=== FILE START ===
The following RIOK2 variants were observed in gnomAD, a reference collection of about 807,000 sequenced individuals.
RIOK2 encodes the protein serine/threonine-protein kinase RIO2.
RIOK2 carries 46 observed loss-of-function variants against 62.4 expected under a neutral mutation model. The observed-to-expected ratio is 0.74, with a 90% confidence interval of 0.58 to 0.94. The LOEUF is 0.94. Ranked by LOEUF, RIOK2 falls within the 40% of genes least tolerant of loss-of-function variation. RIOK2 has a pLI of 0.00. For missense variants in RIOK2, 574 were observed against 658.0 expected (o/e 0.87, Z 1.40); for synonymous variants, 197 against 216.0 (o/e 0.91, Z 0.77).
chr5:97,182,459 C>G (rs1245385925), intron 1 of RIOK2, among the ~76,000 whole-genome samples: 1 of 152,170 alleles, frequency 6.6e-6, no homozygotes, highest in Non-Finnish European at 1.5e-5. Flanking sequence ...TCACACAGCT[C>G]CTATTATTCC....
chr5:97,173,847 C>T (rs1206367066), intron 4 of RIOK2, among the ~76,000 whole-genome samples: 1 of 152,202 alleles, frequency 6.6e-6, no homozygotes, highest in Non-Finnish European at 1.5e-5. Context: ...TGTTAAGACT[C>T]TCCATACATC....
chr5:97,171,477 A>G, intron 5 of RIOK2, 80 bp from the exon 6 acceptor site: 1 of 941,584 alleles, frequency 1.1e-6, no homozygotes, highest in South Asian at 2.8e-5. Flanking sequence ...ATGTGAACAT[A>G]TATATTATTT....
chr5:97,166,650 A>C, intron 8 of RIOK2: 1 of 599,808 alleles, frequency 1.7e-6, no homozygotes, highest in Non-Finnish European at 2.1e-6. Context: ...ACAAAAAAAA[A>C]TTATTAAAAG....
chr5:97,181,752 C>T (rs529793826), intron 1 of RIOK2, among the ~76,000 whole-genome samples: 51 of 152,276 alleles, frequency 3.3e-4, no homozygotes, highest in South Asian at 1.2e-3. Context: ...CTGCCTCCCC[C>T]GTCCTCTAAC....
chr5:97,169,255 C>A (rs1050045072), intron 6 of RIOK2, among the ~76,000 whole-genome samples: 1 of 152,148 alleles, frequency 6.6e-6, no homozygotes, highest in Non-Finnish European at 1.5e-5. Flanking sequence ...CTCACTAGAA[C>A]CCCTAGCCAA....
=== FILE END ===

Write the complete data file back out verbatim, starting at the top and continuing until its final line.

The following RIOK2 variants were observed in gnomAD, a reference collection of about 807,000 sequenced individuals.
RIOK2 encodes the protein serine/threonine-protein kinase RIO2.
RIOK2 carries 46 observed loss-of-function variants against 62.4 expected under a neutral mutation model. The observed-to-expected ratio is 0.74, with a 90% confidence interval of 0.58 to 0.94. The LOEUF is 0.94. Ranked by LOEUF, RIOK2 falls within the 40% of genes least tolerant of loss-of-function variation. RIOK2 has a pLI of 0.00. For missense variants in RIOK2, 574 were observed against 658.0 expected (o/e 0.87, Z 1.40); for synonymous variants, 197 against 216.0 (o/e 0.91, Z 0.77).
chr5:97,182,459 C>G (rs1245385925), intron 1 of RIOK2, among the ~76,000 whole-genome samples: 1 of 152,170 alleles, frequency 6.6e-6, no homozygotes, highest in Non-Finnish European at 1.5e-5. Flanking sequence ...TCACACAGCT[C>G]CTATTATTCC....
chr5:97,173,847 C>T (rs1206367066), intron 4 of RIOK2, among the ~76,000 whole-genome samples: 1 of 152,202 alleles, frequency 6.6e-6, no homozygotes, highest in Non-Finnish European at 1.5e-5. Context: ...TGTTAAGACT[C>T]TCCATACATC....
chr5:97,171,477 A>G, intron 5 of RIOK2, 80 bp from the exon 6 acceptor site: 1 of 941,584 alleles, frequency 1.1e-6, no homozygotes, highest in South Asian at 2.8e-5. Flanking sequence ...ATGTGAACAT[A>G]TATATTATTT....
chr5:97,166,650 A>C, intron 8 of RIOK2: 1 of 599,808 alleles, frequency 1.7e-6, no homozygotes, highest in Non-Finnish European at 2.1e-6. Context: ...ACAAAAAAAA[A>C]TTATTAAAAG....
chr5:97,181,752 C>T (rs529793826), intron 1 of RIOK2, among the ~76,000 whole-genome samples: 51 of 152,276 alleles, frequency 3.3e-4, no homozygotes, highest in South Asian at 1.2e-3. Context: ...CTGCCTCCCC[C>T]GTCCTCTAAC....
chr5:97,169,255 C>A (rs1050045072), intron 6 of RIOK2, among the ~76,000 whole-genome samples: 1 of 152,148 alleles, frequency 6.6e-6, no homozygotes, highest in Non-Finnish European at 1.5e-5. Flanking sequence ...CTCACTAGAA[C>A]CCCTAGCCAA....